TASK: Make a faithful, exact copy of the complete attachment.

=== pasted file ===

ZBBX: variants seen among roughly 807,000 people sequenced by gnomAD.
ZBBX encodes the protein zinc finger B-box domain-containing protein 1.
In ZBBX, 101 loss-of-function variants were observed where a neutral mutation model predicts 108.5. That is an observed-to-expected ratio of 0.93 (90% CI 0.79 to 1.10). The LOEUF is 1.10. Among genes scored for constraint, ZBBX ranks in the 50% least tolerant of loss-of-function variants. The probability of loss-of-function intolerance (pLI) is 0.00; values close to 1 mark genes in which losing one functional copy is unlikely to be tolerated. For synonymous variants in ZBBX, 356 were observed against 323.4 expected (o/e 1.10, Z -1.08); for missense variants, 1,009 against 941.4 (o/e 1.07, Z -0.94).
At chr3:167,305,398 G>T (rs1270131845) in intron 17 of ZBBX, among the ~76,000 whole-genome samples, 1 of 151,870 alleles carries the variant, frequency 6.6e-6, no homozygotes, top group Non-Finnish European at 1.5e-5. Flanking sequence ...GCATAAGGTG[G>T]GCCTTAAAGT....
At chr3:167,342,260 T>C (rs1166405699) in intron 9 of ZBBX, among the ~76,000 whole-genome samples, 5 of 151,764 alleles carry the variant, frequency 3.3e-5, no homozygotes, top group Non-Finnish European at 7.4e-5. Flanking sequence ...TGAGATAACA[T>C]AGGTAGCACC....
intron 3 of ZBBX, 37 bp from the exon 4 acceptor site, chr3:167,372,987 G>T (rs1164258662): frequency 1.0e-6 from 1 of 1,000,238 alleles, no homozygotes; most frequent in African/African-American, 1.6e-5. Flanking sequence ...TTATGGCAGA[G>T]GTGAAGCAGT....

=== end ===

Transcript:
ZBBX: variants seen among roughly 807,000 people sequenced by gnomAD.
ZBBX encodes the protein zinc finger B-box domain-containing protein 1.
In ZBBX, 101 loss-of-function variants were observed where a neutral mutation model predicts 108.5. That is an observed-to-expected ratio of 0.93 (90% CI 0.79 to 1.10). The LOEUF is 1.10. Among genes scored for constraint, ZBBX ranks in the 50% least tolerant of loss-of-function variants. The probability of loss-of-function intolerance (pLI) is 0.00; values close to 1 mark genes in which losing one functional copy is unlikely to be tolerated. For synonymous variants in ZBBX, 356 were observed against 323.4 expected (o/e 1.10, Z -1.08); for missense variants, 1,009 against 941.4 (o/e 1.07, Z -0.94).
At chr3:167,305,398 G>T (rs1270131845) in intron 17 of ZBBX, among the ~76,000 whole-genome samples, 1 of 151,870 alleles carries the variant, frequency 6.6e-6, no homozygotes, top group Non-Finnish European at 1.5e-5. Flanking sequence ...GCATAAGGTG[G>T]GCCTTAAAGT....
At chr3:167,342,260 T>C (rs1166405699) in intron 9 of ZBBX, among the ~76,000 whole-genome samples, 5 of 151,764 alleles carry the variant, frequency 3.3e-5, no homozygotes, top group Non-Finnish European at 7.4e-5. Flanking sequence ...TGAGATAACA[T>C]AGGTAGCACC....
intron 3 of ZBBX, 37 bp from the exon 4 acceptor site, chr3:167,372,987 G>T (rs1164258662): frequency 1.0e-6 from 1 of 1,000,238 alleles, no homozygotes; most frequent in African/African-American, 1.6e-5. Flanking sequence ...TTATGGCAGA[G>T]GTGAAGCAGT....